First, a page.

Saint Judas

Jerome Rothenberg's Poems and Poetics blog has an interesting post about artistic creation, gnosis, and the "Gospel of Judas," in which he describes how the gnostic works "present us...with religious and poetic propositions that open up new windows on reality – or reopen old ones."

Here's an example from the "Gospel of Judas," provided by Rothenberg, which certainly "reopens" reality for me.

Assignment: fill in the one missing line:
Judas said to Jesus, “[What] is the long duration of time that the human being will live?”
Jesus said, “Why are you wondering about this, that Adam, with his generation, has lived his span of life in the place where he has received his kingdom, with longevity with his ruler?”
Judas said to Jesus, “Does the human spirit die?”
Jesus said, “This is why God ordered Michael to give the spirits of people to them as a loan, so that they might offer service, but the Great One ordered Gabriel to grant spirits to the great generation with no ruler over it—that is, the spirit and the soul. Therefore, the [rest] of the souls [—one line missing—].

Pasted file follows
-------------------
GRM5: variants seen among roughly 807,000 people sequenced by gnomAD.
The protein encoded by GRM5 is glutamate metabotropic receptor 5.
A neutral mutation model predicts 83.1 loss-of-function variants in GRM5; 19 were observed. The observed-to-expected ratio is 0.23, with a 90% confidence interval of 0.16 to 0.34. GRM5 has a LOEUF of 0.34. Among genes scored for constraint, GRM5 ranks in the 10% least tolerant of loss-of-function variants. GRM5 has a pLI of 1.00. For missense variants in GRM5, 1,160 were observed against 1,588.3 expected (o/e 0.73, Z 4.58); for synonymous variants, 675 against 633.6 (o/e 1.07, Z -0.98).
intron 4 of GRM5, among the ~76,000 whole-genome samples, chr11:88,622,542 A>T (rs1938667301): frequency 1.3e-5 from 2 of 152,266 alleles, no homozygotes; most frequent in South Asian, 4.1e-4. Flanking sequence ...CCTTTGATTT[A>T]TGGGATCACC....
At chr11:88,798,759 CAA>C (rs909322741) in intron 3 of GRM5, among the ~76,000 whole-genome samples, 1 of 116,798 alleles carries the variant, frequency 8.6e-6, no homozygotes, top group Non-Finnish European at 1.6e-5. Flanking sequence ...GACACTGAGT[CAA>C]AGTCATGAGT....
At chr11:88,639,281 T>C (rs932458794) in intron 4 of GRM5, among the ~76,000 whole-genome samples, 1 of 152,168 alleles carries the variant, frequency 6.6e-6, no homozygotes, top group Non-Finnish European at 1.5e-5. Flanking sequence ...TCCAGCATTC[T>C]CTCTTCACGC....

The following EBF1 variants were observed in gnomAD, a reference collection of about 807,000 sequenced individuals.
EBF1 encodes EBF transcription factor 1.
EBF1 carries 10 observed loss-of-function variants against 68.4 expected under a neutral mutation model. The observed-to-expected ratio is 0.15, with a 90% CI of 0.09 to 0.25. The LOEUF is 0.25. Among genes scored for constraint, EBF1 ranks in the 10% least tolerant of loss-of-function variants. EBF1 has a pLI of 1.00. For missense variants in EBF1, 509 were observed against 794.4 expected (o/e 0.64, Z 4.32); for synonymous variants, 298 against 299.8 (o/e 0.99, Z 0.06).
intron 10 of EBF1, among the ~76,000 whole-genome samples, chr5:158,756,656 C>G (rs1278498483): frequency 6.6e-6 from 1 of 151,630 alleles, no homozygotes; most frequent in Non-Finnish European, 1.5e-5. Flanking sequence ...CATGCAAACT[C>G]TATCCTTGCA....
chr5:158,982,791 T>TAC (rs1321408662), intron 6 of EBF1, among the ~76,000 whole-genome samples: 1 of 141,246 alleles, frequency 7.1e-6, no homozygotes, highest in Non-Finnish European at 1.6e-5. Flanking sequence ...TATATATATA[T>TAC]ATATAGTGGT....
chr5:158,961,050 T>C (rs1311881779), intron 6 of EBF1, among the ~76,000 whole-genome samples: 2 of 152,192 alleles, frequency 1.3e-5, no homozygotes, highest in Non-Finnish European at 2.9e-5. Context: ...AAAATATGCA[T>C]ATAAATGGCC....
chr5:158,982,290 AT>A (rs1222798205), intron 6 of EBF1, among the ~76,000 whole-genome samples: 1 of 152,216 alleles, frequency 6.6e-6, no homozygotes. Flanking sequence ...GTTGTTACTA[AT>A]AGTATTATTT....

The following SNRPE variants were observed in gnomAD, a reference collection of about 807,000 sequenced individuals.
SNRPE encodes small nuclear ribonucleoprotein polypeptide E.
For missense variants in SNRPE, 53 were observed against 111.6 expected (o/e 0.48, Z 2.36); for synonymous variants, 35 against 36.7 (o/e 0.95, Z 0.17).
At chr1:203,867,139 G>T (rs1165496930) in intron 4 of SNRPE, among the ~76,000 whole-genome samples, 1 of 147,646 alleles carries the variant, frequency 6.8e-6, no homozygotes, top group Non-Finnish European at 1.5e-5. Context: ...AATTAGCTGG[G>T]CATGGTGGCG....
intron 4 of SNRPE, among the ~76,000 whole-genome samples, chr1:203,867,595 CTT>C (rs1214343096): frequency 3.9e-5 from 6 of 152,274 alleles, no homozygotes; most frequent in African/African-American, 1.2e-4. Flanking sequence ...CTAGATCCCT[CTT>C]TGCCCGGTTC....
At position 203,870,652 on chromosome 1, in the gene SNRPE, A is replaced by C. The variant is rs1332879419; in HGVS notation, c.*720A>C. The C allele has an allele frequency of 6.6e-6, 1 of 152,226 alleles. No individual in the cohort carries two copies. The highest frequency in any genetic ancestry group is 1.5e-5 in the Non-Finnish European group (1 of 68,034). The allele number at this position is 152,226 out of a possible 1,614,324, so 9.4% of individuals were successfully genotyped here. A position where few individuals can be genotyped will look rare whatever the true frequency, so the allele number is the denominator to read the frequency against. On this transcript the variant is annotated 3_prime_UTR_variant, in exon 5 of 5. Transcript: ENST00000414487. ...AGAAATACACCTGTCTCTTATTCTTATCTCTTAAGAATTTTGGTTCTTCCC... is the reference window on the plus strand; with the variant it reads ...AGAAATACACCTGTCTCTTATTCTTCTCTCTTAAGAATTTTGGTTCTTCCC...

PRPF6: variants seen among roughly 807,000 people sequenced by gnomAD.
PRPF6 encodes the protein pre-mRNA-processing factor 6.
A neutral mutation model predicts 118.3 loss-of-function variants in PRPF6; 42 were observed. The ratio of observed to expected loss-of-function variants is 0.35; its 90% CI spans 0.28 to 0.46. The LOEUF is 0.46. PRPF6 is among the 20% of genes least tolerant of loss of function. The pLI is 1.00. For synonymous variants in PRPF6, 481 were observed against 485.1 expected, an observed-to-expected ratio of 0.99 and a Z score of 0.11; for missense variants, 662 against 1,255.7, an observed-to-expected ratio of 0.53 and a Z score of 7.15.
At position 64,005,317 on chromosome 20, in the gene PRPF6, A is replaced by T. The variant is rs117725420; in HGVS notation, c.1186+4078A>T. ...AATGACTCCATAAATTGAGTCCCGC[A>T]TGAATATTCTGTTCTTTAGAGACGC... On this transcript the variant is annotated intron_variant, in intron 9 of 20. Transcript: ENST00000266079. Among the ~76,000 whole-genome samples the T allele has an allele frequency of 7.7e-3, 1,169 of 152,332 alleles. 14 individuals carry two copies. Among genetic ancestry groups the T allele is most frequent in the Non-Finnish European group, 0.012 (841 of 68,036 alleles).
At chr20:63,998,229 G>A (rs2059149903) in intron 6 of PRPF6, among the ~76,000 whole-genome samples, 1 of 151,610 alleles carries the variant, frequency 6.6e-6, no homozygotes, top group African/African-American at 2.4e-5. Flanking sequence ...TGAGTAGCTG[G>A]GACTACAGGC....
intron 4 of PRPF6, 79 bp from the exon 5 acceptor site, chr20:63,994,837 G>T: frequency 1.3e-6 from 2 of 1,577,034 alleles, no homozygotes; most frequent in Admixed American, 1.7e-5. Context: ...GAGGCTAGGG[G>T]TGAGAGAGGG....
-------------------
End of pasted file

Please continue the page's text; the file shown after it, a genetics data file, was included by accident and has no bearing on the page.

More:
Saint Judas

When I went out to kill myself, I caught
A pack of hoodlums beating up a man.
Running to spare his suffering, I forgot
My name, my number, how my day began,
How soldiers milled around the garden stone
And sang amusing songs; how all that day
Their javelins measured crowds; how I alone
Bargained the proper coins, and slipped away.

Banished from heaven, I found this victim beaten,
Stripped, kneed, and left to cry. Dropping my rope
Aside, I ran, ignored the uniforms:
Then I remembered bread my flesh had eaten,
The kiss that ate my flesh. Flayed without hope,
I held the man for nothing in my arms.

James Wright
from Above the River